FTC Temporarily Shuts Down Tempe-Based Vemma, Calls It a "Pyramid Scheme"

Vemma sold bod-e drinks.
Vemma sold bod-e drinks.
stevefillmore/Flickr under Creative Commons

Tempe-based Vemma is in trouble with the Federal Trade Commission for allegedly being a "pyramid scheme," roping people into selling nutritional drinks and other products at a financial loss.

The FTC filed a complaint against the company this week, temporarily halting the business. In a press release detailing the complaint, the FTC writes that Vemma's "websites, social media, and marketing materials show seemingly prosperous young people with luxury cars, jets, and yachts, and falsely claim that Vemma affiliates can earn substantial incomes – as much as $50,000 per week." 

The FTC claims Vemma lured young people into the company by marketing expensive cars.EXPAND
The FTC claims Vemma lured young people into the company by marketing expensive cars.

But the Commission says the wealth Vemma advertised was not real, and instead the people recruited to sell often paid $500-$600 for "affiliate packs" of its products, which include the Verve and Bod-e energy drinks, and other drinks touting nutritional benefits.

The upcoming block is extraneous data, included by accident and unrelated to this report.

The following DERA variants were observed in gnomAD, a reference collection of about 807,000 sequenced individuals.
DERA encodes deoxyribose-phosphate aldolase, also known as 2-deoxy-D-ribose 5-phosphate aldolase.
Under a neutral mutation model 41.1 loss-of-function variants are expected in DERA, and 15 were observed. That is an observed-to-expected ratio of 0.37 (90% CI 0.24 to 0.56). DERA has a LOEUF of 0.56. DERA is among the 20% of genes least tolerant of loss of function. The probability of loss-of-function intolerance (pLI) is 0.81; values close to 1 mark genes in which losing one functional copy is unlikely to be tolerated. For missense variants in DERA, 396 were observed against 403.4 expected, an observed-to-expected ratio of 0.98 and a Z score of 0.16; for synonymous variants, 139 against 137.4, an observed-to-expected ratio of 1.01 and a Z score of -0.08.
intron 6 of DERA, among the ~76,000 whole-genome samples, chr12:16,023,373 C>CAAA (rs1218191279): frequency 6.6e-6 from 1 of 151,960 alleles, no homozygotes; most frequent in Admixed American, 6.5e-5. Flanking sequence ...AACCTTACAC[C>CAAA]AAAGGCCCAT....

According to the press release: "Vemma is an illegal pyramid scheme that rewards affiliates for recruiting participants rather than for selling products, the FTC alleges." 

Vemma is known for its presence around college campuses — including ASU's. Al Jazeera America investigated the company last year, finding that while the company told students it was possible to earn a quarter of a million dollars a year, most ambassadors were averaging about $13,000 a year. Meanwhile, Vemma pulled in $200 million last year and in 2013, the FTC said. 

Nolan Anselmi, who studies marketing at Scottsdale Community College, said he was recruited, then dropped by Vemma in 2013, when he was in high school in Montana (the company no longer enrolls minors). While he's not convinced by the FTC's pyramid scheme claims, the 18-year-old said the company goes after the young and inexperienced. 

"I think that’s where they get their bad rep from, because there’s a bunch of kids that have no experience in the industry that are getting pulled in," he said.

Because he was still new to marketing, Anselmi said he put more money into the company than he was ultimately paid. 

Vemma did not respond to requests for comment on this story, but does have a short statement on its webpage explaining that a temporary receiver is currently in control. 

According to a Facebook post from Vemma's CEO, Benson Boreyko (who is named as a defendant in the complaint), a hearing is scheduled for September 3. 


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